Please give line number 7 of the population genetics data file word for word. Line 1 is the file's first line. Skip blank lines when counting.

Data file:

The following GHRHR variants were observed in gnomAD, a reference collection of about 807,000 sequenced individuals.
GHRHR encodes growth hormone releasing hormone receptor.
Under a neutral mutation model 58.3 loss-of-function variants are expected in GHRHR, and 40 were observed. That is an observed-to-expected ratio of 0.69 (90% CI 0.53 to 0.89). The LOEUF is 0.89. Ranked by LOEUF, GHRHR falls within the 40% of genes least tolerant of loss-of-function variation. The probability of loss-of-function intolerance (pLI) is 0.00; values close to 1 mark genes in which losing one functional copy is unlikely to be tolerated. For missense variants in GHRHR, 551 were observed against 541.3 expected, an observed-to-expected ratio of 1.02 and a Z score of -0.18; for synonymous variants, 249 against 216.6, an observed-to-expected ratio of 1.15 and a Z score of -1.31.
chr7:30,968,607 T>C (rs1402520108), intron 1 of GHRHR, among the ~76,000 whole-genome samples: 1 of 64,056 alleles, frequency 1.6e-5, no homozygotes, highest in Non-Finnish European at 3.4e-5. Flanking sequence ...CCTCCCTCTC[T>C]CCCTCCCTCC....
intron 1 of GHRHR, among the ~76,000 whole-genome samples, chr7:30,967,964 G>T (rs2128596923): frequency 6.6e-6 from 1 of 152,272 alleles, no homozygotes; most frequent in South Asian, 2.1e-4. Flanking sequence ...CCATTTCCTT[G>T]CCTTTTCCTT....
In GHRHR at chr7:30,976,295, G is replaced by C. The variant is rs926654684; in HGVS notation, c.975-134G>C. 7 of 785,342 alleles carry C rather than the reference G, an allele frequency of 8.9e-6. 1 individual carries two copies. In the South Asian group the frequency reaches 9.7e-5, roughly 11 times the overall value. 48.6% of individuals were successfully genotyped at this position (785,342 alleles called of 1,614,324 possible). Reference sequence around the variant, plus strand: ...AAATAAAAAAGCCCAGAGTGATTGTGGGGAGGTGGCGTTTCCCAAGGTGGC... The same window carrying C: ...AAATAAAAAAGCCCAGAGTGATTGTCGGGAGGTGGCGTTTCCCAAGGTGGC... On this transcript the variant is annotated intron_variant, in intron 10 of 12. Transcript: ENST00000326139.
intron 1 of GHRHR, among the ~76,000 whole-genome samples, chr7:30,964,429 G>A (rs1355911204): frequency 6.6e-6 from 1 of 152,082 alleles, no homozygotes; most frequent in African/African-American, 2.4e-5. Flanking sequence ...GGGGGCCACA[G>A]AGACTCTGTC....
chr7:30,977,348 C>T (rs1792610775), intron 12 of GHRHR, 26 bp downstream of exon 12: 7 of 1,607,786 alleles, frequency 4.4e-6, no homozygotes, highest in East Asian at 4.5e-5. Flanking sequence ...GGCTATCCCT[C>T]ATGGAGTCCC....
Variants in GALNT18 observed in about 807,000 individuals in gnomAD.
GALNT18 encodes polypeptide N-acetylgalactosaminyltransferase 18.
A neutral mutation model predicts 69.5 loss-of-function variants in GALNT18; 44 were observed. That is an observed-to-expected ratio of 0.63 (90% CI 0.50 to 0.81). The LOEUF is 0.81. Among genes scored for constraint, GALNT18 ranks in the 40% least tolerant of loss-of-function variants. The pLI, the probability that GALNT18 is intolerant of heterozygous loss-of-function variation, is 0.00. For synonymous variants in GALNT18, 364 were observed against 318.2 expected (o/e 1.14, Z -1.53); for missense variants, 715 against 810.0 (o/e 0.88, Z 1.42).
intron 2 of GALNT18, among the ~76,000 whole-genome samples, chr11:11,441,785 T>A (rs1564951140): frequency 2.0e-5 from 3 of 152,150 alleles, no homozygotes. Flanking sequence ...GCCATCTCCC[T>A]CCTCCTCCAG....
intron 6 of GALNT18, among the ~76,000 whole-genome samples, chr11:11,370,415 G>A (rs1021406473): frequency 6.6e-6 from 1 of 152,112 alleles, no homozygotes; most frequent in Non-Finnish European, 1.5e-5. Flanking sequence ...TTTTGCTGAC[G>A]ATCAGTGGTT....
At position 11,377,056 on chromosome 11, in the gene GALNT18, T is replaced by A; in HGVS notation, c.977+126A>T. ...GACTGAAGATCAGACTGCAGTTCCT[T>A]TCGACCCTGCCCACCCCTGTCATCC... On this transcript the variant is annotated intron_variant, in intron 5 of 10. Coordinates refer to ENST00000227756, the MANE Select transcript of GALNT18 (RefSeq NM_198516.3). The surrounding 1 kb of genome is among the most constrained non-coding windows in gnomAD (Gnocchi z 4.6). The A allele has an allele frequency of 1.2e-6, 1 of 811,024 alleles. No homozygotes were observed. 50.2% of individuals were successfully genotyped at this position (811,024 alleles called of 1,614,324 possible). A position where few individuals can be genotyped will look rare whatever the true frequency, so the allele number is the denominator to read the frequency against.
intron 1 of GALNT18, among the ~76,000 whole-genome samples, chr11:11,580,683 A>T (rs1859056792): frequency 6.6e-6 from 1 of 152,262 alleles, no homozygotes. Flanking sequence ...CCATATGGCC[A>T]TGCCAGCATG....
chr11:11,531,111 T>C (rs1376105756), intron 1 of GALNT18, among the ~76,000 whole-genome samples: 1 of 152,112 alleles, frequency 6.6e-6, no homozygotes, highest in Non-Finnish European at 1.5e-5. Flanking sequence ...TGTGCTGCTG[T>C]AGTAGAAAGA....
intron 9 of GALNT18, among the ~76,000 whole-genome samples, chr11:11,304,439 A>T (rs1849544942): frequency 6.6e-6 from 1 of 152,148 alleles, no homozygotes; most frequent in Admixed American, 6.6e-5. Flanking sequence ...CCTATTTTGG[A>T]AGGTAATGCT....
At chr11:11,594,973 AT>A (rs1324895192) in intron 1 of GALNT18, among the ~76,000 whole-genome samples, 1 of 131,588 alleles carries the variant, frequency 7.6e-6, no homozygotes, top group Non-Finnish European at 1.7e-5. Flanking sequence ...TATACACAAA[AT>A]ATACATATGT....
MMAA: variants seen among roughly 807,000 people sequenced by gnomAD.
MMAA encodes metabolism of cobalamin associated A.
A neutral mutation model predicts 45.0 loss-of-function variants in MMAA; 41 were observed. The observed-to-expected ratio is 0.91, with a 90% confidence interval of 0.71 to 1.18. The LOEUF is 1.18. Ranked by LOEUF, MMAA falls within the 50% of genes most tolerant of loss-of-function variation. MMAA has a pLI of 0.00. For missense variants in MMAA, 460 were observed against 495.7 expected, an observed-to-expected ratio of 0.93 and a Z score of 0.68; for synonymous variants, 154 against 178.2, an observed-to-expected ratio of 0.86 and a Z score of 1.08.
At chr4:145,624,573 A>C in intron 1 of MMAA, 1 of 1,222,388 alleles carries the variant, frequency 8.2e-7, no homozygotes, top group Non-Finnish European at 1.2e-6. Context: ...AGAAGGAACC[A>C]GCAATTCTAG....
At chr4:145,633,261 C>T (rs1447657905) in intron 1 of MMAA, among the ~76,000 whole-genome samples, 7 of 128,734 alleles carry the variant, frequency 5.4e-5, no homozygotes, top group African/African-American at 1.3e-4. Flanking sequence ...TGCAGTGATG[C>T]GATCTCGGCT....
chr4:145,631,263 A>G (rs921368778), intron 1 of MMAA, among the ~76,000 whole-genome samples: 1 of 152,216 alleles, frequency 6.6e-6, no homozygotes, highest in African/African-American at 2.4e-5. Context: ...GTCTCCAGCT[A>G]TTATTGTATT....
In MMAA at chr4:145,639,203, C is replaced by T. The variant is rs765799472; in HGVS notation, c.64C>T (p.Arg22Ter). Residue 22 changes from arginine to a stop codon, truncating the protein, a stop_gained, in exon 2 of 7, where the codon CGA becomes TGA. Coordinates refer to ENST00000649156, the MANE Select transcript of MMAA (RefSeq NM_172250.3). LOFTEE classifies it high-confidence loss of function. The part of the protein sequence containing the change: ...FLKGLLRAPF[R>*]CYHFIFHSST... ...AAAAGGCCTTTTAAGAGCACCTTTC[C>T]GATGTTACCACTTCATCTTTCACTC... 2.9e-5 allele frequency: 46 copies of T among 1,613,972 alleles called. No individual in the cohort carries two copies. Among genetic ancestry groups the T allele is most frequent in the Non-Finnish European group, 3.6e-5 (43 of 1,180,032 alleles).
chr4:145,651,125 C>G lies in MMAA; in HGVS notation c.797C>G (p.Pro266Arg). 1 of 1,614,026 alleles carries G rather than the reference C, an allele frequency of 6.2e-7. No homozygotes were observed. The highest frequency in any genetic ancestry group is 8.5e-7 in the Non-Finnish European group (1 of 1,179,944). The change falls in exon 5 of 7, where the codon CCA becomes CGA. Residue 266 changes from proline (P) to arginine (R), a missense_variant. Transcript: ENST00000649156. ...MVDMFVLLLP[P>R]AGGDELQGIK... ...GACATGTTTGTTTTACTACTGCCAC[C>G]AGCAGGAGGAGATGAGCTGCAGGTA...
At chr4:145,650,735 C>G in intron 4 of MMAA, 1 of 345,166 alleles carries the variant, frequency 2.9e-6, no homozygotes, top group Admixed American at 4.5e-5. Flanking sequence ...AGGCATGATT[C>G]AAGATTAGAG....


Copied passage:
intron 1 of GHRHR, among the ~76,000 whole-genome samples, chr7:30,964,429 G>A (rs1355911204): frequency 6.6e-6 from 1 of 152,082 alleles, no homozygotes; most frequent in African/African-American, 2.4e-5. Flanking sequence ...GGGGGCCACA[G>A]AGACTCTGTC....